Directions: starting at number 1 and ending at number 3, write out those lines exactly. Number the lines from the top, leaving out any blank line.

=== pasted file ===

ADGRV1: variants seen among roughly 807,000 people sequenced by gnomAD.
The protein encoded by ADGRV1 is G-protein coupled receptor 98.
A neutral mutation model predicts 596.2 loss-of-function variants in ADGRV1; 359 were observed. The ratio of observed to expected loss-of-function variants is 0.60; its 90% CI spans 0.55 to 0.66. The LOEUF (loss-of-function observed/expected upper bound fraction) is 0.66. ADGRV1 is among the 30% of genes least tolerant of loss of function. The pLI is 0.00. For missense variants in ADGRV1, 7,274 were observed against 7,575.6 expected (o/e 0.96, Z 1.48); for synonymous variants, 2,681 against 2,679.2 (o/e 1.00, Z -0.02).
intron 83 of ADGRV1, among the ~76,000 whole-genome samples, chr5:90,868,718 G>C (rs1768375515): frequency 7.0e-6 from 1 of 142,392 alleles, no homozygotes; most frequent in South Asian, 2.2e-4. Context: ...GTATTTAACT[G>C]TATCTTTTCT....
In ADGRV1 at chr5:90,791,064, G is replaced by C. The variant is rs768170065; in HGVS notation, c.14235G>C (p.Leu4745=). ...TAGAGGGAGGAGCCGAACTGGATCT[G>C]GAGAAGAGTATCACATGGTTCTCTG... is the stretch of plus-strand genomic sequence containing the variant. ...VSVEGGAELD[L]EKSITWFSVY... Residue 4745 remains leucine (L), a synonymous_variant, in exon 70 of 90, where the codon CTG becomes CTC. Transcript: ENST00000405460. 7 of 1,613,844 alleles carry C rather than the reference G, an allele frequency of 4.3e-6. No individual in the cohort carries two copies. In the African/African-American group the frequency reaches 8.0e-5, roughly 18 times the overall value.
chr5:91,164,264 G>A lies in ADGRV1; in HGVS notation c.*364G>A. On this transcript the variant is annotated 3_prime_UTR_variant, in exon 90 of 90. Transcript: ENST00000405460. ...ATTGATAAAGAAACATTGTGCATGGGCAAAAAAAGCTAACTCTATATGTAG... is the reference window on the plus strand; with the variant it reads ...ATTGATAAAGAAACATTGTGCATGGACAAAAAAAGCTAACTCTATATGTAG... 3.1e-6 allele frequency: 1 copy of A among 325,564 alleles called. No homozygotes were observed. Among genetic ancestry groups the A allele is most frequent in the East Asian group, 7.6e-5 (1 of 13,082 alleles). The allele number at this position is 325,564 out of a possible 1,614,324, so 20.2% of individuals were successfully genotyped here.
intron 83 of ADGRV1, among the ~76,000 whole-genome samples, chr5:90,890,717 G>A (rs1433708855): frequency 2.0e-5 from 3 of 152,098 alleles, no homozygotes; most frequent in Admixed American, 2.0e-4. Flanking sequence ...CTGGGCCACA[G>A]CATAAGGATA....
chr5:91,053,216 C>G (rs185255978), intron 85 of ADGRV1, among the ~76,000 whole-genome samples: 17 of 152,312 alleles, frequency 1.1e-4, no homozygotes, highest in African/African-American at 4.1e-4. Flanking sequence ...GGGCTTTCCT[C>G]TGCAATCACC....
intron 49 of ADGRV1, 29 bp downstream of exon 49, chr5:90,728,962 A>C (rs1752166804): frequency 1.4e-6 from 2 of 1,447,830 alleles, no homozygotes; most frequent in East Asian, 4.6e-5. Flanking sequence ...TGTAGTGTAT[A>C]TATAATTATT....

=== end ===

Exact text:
ADGRV1: variants seen among roughly 807,000 people sequenced by gnomAD.
The protein encoded by ADGRV1 is G-protein coupled receptor 98.
A neutral mutation model predicts 596.2 loss-of-function variants in ADGRV1; 359 were observed. The ratio of observed to expected loss-of-function variants is 0.60; its 90% CI spans 0.55 to 0.66. The LOEUF (loss-of-function observed/expected upper bound fraction) is 0.66. ADGRV1 is among the 30% of genes least tolerant of loss of function. The pLI is 0.00. For missense variants in ADGRV1, 7,274 were observed against 7,575.6 expected (o/e 0.96, Z 1.48); for synonymous variants, 2,681 against 2,679.2 (o/e 1.00, Z -0.02).